Adolescent females were unable to get from their parents, guardians and adults in the community the
guidance, advice and appropriate information they needed. In place of advice, adults scared
adolescents at times and adults avoided discussions on issues of sex. Some parents were not
providing for the needs of their adolescent females. The influence of some religious dogmas resulted
in some females being overly submissive and unable to assert themselves on issues including their
SRH needs.
Negative adolescent perceptions about contraception and fear of exposure by clinic records
Some adolescents had the perception that contraception had serious adverse effects and the use of
condoms was associated with a stigma of promiscuity, unfaithfulness. In the case of a partner
suggesting condom use, it was perceived to be a tacit implication that either their partner or them
were infected with HIV. Adolescents exercised the fear that clinic documentation such as
contraceptive cards could expose them. Such situations could prevent adolescents from accessing
FP services were they to be available to them.
Sex as a conduit to health and resources
Some adolescent females perceived unprotected sex as a means to good health and beauty. Some
others saw sex as a means of making money off males; society incidentally viewed the exchange of
money for sex as a principle of reciprocity. Perceptions such as these could enhance sexual risk
taking and its many complications such as unwanted pregnancies.
Societal abhorrence of open sexual discourse and adolescents use of FP services
Information on sexual health cannot be openly delivered to adolescents for fear of corrupting them,
and they are stigmatised for accessing contraception.
Social norms that encourage adolescent females as subordinates to males
Male dominance over females is endorsed by some societies, a situation that prevents females from
being assertive and making independent decisions. Males are also seen as the sole decision makers
on issues of FP and number of children born into the family. Females in some societies are seen as
subordinates to males and to do everything to please their male counterparts. Girls who do not
perform well academically view marriage as a way of maintaining their relevance in some of these
societies. Page 5 Tacit personal and societal pressures on adolescents
Adolescents endure indirect personal (immediate family, peers) and societal (norms and values)
pressures to engage in sexual relationships and avoid pregnancy prevention measures.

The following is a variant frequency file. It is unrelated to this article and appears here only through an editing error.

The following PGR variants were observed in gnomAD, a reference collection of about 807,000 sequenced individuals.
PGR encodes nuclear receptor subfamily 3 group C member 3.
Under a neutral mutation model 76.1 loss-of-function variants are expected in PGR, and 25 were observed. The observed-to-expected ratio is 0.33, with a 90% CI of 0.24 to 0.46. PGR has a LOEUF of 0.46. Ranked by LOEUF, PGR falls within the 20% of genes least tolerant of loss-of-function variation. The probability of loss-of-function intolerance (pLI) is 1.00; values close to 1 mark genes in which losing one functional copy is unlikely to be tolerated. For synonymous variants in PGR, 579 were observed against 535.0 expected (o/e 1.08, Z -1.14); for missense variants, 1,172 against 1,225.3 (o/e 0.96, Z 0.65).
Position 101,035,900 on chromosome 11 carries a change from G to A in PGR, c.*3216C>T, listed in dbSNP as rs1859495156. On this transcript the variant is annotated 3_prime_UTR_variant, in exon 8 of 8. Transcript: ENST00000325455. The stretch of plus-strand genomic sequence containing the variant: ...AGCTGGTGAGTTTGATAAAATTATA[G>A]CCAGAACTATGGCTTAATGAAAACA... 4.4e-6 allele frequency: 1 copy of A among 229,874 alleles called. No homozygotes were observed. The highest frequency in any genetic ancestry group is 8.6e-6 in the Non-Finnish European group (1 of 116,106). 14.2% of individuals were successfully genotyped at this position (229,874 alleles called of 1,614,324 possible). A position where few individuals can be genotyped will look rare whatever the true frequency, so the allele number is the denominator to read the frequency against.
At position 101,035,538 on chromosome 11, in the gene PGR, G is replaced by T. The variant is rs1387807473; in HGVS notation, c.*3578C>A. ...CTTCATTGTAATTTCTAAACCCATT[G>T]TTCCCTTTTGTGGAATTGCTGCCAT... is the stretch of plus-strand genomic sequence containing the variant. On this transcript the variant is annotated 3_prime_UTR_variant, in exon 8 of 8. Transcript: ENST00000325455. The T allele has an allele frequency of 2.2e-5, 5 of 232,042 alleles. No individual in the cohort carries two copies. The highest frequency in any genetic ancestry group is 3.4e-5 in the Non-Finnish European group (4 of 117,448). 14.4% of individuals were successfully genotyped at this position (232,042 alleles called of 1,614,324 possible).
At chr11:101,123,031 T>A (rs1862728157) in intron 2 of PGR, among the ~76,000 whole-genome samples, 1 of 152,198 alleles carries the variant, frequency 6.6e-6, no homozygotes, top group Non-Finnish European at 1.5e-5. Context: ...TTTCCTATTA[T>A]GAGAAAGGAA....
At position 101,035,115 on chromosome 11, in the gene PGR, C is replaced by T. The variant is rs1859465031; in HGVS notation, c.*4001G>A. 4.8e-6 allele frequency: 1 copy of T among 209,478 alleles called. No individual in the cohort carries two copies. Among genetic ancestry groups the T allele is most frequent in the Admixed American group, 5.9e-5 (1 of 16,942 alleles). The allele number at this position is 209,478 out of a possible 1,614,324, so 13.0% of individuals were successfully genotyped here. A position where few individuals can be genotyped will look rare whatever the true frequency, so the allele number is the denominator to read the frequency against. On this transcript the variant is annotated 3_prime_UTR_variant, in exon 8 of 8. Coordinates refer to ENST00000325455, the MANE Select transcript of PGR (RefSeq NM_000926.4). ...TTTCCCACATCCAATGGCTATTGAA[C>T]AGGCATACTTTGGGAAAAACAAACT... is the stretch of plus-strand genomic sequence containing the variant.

Adolescents are not included in state programs providing FP services and “B” messages are not clear
and precise
State FP programs were not willing to serve adolescents; and in instances “B” messages were
ambiguous making them poorly understood influencing their uptake and utilization by young people.
Perceived facilitators
Having positive perceptions of FP practices and been assertive to protect themselves against
unplanned pregnancies
Assertive adolescents who know at which stage in a relationship to use a FP approach and have
positive perceptions about FP are more likely to be protected against unwanted pregnancies.
Care providers that address the needs of adolescents
Adolescents expect care providers to have positive attributes such as being open and friendly, whilst
addressing their needs in an environment of privacy and confidentiality. Such qualities attract
adolescents to come for care.
Protective attributes of the family and societal incentives
Supportive families who provide for the needs of adolescents are more likely to protect them from
unwanted pregnancies pregnancy, as do societal incentive packages aimed at keeping adolescents
away from pregnancies.
Discussion The review’s objective was to present the best available evidence on perceived facilitators and
barriers to programs aimed at reducing pregnancies among adolescents in LMICs. Perceived barriers
were identified in eight (8) synthesised findings, whereas facilitators were in three (3) synthesised
findings of the review.
Adolescents avoid health facilities where care providers are perceived as rude, unfriendly and
(6, 28, 30)
disrespectful.
Young people are drawn to health facilities with a friendly approach to care
delivery as amplified in their own words: "facilities that have a face of welcome". Adolescents are also
drawn to care providers that address their needs, easily and effectively communicate with them
providing information appropriate to their needs.
(30)
Adolescents are turned away by services that do
not address their needs, care providers who are disrespectful and do not assure confidentiality and
(31, 41)
privacy.
pregnancies.
Education has been identified to keep young females away from sex and unintended
(42)
When adults are unable to provide for their needs (money, etc.), adolescents find them elsewhere
including via sexual relationships.